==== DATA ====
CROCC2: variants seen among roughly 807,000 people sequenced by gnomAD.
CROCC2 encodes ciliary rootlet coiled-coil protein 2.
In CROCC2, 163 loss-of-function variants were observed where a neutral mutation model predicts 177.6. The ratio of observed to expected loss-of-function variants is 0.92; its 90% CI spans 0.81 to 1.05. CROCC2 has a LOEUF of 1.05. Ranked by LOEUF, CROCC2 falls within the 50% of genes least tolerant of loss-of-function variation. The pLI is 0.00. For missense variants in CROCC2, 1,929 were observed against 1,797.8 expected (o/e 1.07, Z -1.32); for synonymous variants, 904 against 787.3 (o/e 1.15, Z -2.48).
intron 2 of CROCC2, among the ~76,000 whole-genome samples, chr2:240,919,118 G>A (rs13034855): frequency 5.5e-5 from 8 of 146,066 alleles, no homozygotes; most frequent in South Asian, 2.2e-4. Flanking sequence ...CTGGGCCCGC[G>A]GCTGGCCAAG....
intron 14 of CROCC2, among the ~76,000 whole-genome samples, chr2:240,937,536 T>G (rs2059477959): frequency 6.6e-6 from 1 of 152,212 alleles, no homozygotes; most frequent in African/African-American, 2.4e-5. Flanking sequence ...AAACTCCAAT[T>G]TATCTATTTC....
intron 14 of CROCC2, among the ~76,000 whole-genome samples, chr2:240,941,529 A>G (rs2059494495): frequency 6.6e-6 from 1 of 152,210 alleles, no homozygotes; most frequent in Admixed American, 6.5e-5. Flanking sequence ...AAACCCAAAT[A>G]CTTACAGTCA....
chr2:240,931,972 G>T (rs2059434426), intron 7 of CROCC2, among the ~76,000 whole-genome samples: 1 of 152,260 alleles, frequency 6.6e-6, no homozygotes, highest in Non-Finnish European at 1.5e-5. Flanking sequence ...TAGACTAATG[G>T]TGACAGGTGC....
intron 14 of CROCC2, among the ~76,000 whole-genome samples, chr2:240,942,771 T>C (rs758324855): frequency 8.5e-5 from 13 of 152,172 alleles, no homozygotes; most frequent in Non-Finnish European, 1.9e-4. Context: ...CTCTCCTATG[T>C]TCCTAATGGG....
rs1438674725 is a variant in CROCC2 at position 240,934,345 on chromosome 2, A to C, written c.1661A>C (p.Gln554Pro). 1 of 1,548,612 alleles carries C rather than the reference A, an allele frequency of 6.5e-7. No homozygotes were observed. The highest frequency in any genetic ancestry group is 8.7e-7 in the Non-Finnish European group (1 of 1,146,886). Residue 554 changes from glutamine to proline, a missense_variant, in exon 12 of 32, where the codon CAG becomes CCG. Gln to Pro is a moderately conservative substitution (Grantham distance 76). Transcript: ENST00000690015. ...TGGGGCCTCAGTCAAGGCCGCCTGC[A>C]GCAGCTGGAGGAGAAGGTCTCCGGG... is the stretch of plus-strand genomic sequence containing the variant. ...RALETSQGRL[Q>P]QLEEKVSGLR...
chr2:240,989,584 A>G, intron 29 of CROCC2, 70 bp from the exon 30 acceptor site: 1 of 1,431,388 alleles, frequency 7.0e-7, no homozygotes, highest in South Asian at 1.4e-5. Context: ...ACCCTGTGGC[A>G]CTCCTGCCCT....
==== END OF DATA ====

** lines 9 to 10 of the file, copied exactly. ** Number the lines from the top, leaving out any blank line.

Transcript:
rs1438674725 is a variant in CROCC2 at position 240,934,345 on chromosome 2, A to C, written c.1661A>C (p.Gln554Pro). 1 of 1,548,612 alleles carries C rather than the reference A, an allele frequency of 6.5e-7. No homozygotes were observed. The highest frequency in any genetic ancestry group is 8.7e-7 in the Non-Finnish European group (1 of 1,146,886). Residue 554 changes from glutamine to proline, a missense_variant, in exon 12 of 32, where the codon CAG becomes CCG. Gln to Pro is a moderately conservative substitution (Grantham distance 76). Transcript: ENST00000690015. ...TGGGGCCTCAGTCAAGGCCGCCTGC[A>C]GCAGCTGGAGGAGAAGGTCTCCGGG... is the stretch of plus-strand genomic sequence containing the variant. ...RALETSQGRL[Q>P]QLEEKVSGLR...
chr2:240,989,584 A>G, intron 29 of CROCC2, 70 bp from the exon 30 acceptor site: 1 of 1,431,388 alleles, frequency 7.0e-7, no homozygotes, highest in South Asian at 1.4e-5. Context: ...ACCCTGTGGC[A>G]CTCCTGCCCT....